Its a myth that its only a London bubble.

You appear to have misunderstood the point I was clearly making in my earlier post.

It wasn't about the level of house prices it was about how long they'd been rising.

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In my neck of the woods the rises came thick and fast after london kicked off.

from folks down the school i can confirm its londoners leaving and some from Cambridge as thats expensive also.

Its logical to assume that a reverse ripple effect should follow london falls.

This have already slowed significantly and if the property is not perfect.

Same problem in Reading apparently many Londoners moving out and buying up the 'bargain' 3 bed new builds at 400k... you can't even get a terraced for less than 220k at the moment and 2 bed new build houses up from 250k to 325k in 18 months.

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At the risk of sounding bullish, prices around here 30 miles from Bristol are +/- 10% on the stupidly mental 125% LTV give anyone a mortgage 2007 prices, depending upon the exact location and if the seller actually wants/needs to sell.

Plenty of £300k+ kite flying rural crap that there is zero demand for and will deteriorate before being flogged in auction.

However, my wages are 25% to 30% up on 2007.

Most of the prices property goes for at auction is insane, there was a doerupper or knockitdowner in Hampshire that didnt sell for a year at 200K and went off the market around March; it sold at auction last month for 300k.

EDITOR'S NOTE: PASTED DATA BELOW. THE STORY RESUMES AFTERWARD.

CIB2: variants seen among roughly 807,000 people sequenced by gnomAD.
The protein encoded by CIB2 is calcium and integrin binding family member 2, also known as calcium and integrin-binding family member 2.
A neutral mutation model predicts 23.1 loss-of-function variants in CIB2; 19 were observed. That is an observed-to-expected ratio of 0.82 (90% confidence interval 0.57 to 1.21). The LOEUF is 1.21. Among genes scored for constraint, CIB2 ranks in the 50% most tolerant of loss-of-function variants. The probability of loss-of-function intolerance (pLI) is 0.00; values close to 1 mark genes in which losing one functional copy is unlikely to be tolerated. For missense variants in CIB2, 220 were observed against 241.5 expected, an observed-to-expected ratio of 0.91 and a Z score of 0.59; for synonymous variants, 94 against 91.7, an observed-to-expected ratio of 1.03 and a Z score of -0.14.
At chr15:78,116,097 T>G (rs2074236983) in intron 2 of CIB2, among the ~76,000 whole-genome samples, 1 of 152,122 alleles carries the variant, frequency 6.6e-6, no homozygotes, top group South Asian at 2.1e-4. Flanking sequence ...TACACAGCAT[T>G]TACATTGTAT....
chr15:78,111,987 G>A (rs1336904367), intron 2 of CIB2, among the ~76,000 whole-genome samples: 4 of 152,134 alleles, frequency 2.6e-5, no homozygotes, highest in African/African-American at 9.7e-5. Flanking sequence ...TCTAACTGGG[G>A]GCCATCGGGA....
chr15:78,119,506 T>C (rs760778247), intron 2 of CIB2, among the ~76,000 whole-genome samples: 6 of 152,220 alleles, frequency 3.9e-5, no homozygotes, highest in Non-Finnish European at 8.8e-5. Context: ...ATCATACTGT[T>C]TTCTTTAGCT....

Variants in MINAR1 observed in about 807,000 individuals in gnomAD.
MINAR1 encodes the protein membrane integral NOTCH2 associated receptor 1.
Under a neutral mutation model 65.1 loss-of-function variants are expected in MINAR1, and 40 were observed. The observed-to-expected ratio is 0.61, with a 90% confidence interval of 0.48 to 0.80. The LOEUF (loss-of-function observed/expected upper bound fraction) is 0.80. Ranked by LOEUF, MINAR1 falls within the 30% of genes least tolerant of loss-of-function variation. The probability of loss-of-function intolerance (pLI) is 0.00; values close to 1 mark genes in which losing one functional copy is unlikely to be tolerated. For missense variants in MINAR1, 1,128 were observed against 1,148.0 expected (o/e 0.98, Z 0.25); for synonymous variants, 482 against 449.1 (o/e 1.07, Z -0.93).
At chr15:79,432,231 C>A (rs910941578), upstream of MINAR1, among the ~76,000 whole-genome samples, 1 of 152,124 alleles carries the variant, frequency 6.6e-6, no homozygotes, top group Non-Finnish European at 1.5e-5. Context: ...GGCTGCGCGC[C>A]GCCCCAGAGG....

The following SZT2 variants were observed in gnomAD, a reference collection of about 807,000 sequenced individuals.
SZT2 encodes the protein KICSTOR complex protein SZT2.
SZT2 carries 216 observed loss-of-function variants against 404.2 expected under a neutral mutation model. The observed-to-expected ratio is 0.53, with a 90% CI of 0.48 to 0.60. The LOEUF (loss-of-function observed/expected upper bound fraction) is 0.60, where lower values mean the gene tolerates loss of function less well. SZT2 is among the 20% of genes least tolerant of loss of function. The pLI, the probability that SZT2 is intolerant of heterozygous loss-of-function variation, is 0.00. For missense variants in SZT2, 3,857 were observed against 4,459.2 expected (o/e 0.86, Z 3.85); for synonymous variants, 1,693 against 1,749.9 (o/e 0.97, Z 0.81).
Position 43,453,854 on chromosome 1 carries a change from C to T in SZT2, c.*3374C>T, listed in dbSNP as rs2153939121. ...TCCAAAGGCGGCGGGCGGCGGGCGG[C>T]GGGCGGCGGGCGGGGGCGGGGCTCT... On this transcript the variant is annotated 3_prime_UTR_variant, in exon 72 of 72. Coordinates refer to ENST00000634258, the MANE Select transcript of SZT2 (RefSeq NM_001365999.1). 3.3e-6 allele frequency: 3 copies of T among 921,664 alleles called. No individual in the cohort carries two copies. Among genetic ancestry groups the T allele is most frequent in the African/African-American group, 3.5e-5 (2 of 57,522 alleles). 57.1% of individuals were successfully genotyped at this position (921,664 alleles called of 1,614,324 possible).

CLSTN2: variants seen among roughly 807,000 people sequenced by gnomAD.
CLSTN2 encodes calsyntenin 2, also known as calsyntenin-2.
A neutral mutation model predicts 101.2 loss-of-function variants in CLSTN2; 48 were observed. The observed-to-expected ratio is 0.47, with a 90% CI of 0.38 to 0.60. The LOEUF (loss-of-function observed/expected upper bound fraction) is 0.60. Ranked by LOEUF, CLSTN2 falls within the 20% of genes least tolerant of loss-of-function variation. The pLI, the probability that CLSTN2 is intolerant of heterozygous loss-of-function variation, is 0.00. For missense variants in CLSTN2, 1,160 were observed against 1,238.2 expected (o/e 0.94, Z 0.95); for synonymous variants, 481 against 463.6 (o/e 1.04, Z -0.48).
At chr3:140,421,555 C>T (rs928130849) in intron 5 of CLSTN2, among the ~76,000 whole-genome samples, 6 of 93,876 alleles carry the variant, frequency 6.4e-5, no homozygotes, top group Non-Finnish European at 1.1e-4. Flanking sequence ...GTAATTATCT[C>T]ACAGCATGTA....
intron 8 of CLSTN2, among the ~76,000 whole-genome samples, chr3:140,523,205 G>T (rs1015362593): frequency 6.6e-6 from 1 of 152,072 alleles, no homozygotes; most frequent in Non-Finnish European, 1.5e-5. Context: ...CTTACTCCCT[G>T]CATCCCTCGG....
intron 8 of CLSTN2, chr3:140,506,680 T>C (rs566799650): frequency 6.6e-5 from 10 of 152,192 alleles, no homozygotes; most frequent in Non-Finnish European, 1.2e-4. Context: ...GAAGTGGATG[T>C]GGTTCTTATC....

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You appear to have misunderstood the point I was clearly making in my earlier post.

It wasn't about the level of house prices it was about how long they'd been rising.

In my search area they dipped until 09/10 and seem to have been slowly on the rise ever since, but with the last 12 months seeing sold prices go well above 2007 prices if its decent.

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In my search area they dipped until 09/10 and seem to have been slowly on the rise ever since, but with the last 12 months seeing sold prices go well above 2007 prices if its decent.

I dare say but the mail was implying in its headline and elsewhere in the article that UK prices in general had been "soaring" for 3 years which is misleading for the UK as a whole - as if the soarings :rolleyes: started everywhere in 2011. A lot of stuff only took off after Help to Buy (Sell) which was introduced about 1.5 years ago early in 2013.

1.5 years difference.

Later on in the article they got round to it mainly being in London and the South East.

All of the figures are national averages, and do not reflect the wide disparity in house price movements between London and the South East and the rest of the country.

Edited by billybong